How to analyse a results statement

A company's annual results statement and annual report is one of the most valuable resources an investor can get their hands on. They are freely available to everyone but in my opinion are greatly underused.

Time spent reading these documents is time well spent. When I was a professional analyst I used to spend days, even weeks scrutinising a company's annual reports building up a picture of the company. I was constantly amazed at what I would learn about a business from things such as hidden assets to risks that nobody else was talking about.

If you have the inclination and the time to delve into these potential pots of gold then I am convinced that you will learn a lot more about a company than you will from most share tippers out there. Not only that, you will learn to be an independent thinker and will be less likely to be distracted by the noise and chatter out there on places such as Twitter or internet bulletin boards. You will form your own view of the company not somebody else's.

For readers who are less experienced investors it will take time to become comfortable picking these results statements apart - it was the same for me when I started - but persevere and you will reap the benefits.

You can learn about how to crunch the important numbers in a company's accounts in my Step-by-Step Guide to Investment Analysis and other articles on my ShareScope web page.

In this article, I am going to show you how I look at a company's annual results statement. These are typically released to the stock exchange at 7am on the day they are published via something known as the regulatory news service or RNS for short. RNS is freely available on a number of websites and is also part of the SharePad and ShareScope news service.

The screenshot above shows an RNS news feed from SharePad. You will also see that it has a Dow Jones (DJ) news feed as well. This will often contain a quick snapshot of the results (you can see this at 7:19) but is unlikely to contain much in-depth information as journalists are under pressure to get stories published.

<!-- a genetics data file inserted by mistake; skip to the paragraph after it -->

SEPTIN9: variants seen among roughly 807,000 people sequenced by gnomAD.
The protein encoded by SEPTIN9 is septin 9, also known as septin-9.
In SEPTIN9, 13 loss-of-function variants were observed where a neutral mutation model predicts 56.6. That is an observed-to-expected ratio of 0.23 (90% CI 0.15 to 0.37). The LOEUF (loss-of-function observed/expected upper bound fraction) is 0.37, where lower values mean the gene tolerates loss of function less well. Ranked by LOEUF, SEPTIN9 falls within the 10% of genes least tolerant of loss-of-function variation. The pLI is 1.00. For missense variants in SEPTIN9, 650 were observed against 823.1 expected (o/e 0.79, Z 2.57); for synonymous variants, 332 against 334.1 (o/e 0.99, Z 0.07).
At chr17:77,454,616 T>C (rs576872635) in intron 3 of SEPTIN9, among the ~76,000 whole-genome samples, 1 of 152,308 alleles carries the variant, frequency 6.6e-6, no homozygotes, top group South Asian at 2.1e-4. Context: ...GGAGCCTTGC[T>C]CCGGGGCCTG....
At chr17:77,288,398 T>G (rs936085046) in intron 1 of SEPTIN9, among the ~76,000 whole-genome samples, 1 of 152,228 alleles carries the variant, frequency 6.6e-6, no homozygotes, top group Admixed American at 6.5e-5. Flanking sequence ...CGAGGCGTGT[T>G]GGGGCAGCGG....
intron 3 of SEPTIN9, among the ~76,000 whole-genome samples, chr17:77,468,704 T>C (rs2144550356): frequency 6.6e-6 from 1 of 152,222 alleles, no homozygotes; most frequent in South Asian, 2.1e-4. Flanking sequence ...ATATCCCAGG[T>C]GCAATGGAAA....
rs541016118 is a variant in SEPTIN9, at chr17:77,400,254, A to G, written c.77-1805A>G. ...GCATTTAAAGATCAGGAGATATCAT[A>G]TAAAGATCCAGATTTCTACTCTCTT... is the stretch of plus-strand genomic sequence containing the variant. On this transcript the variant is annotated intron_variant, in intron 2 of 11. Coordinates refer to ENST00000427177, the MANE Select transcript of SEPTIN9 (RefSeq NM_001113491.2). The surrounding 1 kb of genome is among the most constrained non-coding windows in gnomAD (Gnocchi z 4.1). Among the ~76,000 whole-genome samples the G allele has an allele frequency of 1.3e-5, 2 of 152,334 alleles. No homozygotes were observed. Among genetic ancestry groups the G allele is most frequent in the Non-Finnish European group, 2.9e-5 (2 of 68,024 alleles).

Phil Oakley's debut book - out now!

Phil shares his investment approach in his new book How to Pick Quality Shares. If you've enjoyed his weekly articles, newsletters and Step-by-Step Guide to Stock Analysis, this book is for you.

Find out more

Share this article with your friends and colleagues:

Looking at Card Factory's Final Results statement

I am going to be looking at Card Factory's final results for 2015 which were released to the stock exchange on 5th April 2016. I will do this from the position of an investor who has never looked at the company before - as I haven't - but will also give some tips for investors who might own the shares as well.

Don't start at the beginning

Your first inclination will be to start reading the results statement at the beginning. Try to resist this. What you are trying to do is build up your own picture of the company. If you start reading the comments from the management first they might influence your thinking too much as there is a natural tendency for them talk more about the good things and less about things which are not so good.

By looking at the company's financial statements first it is possible to gain a very good understanding of how the company has performed over the year and why. Go through this process first and then read what the company has to say afterwards to see if you agree.

This is quite basic stuff but I hope you will see how useful this process can be.

Income Statement

You need to go through the income statement line by line and look at the changes compared with the previous year. Having a calculator and a piece of paper close to hand will be useful to scribble down your thoughts.

Let's get started.

First of all, you can see below that the results are split into underlying and non-underlying. Underlying results are those that relate to trading activities and don't include one-off gains and costs. They are sometimes called adjusted instead. We are interested in the underlying results. You can also see that the previous year's results are provided as well for comparison.

Revenue has increased by £28.3m to £381.6m - an increase of 8%. That's a reasonable rate of growth, but how has it been achieved? Has it come from existing sites, new sites or acquisitions?

Gross profit has increased by £9.1m or 8%. That is the same rate of increase as revenue. This is telling me that gross margins are pretty much unchanged from year to year.

Operating expenses have increased by 9.4% to £37.1m. That is faster than the rate of sales growth which is not ideal. As a result, operating profit has increased by 7.4% - less than sales. Operating margin (EBIT/Revenue) has fallen very slightly but still looks to be quite healthy at 22.35%.

You will notice that next to some of the lines in the income statement there is a reference to a note. These notes give you more information on the number concerned. You should read these as you will usually learn more.

Here is note 3 about operating profit.

Interestingly staff costs have gone down - are they shedding staff? Note 5 gives us more detail: